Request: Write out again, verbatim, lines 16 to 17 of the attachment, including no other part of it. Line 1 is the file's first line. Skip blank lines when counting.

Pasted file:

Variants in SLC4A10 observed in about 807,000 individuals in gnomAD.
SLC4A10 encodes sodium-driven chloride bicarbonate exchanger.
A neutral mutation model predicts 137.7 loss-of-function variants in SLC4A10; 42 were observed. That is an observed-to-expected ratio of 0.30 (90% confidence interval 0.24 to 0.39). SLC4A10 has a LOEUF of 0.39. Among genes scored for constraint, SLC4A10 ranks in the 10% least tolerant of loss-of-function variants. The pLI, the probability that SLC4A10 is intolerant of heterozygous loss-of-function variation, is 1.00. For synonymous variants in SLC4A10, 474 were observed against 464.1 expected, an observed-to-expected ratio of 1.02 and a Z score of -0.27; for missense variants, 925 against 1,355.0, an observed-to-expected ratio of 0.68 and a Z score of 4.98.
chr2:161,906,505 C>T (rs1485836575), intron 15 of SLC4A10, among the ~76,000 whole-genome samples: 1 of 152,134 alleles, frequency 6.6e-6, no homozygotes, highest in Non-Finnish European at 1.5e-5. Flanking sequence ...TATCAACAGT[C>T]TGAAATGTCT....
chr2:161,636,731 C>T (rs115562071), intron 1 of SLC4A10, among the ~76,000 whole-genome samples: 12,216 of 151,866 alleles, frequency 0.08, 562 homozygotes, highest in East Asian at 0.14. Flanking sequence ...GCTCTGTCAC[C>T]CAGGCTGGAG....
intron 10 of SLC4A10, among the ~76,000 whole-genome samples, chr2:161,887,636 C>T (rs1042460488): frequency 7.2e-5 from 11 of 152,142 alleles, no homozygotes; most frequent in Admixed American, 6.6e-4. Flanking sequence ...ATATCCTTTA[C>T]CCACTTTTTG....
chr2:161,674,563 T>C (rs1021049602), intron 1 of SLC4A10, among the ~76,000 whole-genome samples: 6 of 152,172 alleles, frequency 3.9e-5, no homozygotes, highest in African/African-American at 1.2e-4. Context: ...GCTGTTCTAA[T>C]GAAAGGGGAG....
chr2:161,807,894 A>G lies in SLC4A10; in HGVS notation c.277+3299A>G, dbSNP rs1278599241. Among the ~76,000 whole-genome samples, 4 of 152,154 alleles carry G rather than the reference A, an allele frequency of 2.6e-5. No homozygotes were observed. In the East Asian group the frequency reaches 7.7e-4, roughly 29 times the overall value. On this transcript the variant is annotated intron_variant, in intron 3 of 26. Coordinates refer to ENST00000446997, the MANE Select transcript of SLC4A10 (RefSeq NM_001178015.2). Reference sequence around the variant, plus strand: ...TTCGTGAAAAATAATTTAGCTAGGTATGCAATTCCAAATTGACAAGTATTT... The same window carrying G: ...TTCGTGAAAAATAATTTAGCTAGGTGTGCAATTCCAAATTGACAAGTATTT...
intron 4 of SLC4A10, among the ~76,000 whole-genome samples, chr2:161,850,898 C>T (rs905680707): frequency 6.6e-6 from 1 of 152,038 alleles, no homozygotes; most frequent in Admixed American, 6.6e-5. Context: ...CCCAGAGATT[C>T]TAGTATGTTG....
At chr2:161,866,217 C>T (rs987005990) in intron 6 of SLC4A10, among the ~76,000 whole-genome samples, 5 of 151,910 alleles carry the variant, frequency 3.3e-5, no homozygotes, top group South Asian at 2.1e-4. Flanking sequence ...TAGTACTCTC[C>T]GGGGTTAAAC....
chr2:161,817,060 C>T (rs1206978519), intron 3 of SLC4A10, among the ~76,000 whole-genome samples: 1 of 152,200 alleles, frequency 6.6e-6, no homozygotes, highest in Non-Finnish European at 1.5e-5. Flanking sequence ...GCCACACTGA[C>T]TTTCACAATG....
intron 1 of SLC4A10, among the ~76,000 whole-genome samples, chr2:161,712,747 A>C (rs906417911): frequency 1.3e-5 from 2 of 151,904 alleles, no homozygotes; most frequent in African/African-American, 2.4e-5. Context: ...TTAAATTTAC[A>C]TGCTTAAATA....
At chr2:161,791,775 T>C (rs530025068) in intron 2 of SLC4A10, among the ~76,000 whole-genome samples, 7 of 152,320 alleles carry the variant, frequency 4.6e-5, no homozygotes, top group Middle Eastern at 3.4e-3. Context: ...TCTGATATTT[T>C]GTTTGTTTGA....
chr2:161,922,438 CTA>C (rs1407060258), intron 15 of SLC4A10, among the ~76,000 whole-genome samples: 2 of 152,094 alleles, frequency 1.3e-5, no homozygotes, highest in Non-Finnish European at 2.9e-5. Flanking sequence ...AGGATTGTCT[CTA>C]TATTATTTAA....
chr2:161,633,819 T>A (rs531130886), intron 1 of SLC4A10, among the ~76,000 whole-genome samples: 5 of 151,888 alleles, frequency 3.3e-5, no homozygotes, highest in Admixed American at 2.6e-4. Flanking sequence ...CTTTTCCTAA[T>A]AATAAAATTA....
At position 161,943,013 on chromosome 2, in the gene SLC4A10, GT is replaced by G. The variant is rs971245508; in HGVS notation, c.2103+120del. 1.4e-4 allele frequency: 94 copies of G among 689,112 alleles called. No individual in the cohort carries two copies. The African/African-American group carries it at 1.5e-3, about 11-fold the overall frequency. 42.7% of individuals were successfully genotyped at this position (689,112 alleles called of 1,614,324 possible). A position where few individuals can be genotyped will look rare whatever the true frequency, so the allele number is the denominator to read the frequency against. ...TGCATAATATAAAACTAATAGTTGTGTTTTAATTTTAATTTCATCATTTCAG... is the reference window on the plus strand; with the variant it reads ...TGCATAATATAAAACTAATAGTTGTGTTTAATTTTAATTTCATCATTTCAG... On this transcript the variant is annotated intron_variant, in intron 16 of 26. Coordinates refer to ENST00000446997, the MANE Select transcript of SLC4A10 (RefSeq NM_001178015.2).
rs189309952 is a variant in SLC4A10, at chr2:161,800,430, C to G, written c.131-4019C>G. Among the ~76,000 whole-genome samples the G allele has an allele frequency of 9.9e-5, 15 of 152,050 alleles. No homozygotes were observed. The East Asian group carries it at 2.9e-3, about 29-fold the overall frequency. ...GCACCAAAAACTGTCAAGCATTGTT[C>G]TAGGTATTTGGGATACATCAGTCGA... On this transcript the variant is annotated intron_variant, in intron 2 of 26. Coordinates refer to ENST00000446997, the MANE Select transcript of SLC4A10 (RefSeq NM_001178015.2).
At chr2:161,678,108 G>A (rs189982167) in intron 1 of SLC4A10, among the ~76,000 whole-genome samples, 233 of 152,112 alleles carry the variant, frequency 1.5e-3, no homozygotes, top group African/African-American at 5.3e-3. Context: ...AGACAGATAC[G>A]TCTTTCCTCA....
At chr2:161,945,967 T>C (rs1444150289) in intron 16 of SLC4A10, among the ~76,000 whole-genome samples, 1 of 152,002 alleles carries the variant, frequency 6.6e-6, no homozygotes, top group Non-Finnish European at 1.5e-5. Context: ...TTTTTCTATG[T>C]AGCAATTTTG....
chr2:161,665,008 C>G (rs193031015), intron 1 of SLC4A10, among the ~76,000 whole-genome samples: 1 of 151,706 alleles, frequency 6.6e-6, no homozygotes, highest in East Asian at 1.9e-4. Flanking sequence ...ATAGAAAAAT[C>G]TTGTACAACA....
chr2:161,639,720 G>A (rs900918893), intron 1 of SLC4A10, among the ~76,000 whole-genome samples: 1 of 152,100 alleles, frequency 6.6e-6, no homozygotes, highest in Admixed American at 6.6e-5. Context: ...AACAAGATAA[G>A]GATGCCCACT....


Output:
At position 161,943,013 on chromosome 2, in the gene SLC4A10, GT is replaced by G. The variant is rs971245508; in HGVS notation, c.2103+120del. 1.4e-4 allele frequency: 94 copies of G among 689,112 alleles called. No individual in the cohort carries two copies. The African/African-American group carries it at 1.5e-3, about 11-fold the overall frequency. 42.7% of individuals were successfully genotyped at this position (689,112 alleles called of 1,614,324 possible). A position where few individuals can be genotyped will look rare whatever the true frequency, so the allele number is the denominator to read the frequency against. ...TGCATAATATAAAACTAATAGTTGTGTTTTAATTTTAATTTCATCATTTCAG... is the reference window on the plus strand; with the variant it reads ...TGCATAATATAAAACTAATAGTTGTGTTTAATTTTAATTTCATCATTTCAG... On this transcript the variant is annotated intron_variant, in intron 16 of 26. Coordinates refer to ENST00000446997, the MANE Select transcript of SLC4A10 (RefSeq NM_001178015.2).
rs189309952 is a variant in SLC4A10, at chr2:161,800,430, C to G, written c.131-4019C>G. Among the ~76,000 whole-genome samples the G allele has an allele frequency of 9.9e-5, 15 of 152,050 alleles. No homozygotes were observed. The East Asian group carries it at 2.9e-3, about 29-fold the overall frequency. ...GCACCAAAAACTGTCAAGCATTGTT[C>G]TAGGTATTTGGGATACATCAGTCGA... On this transcript the variant is annotated intron_variant, in intron 2 of 26. Coordinates refer to ENST00000446997, the MANE Select transcript of SLC4A10 (RefSeq NM_001178015.2).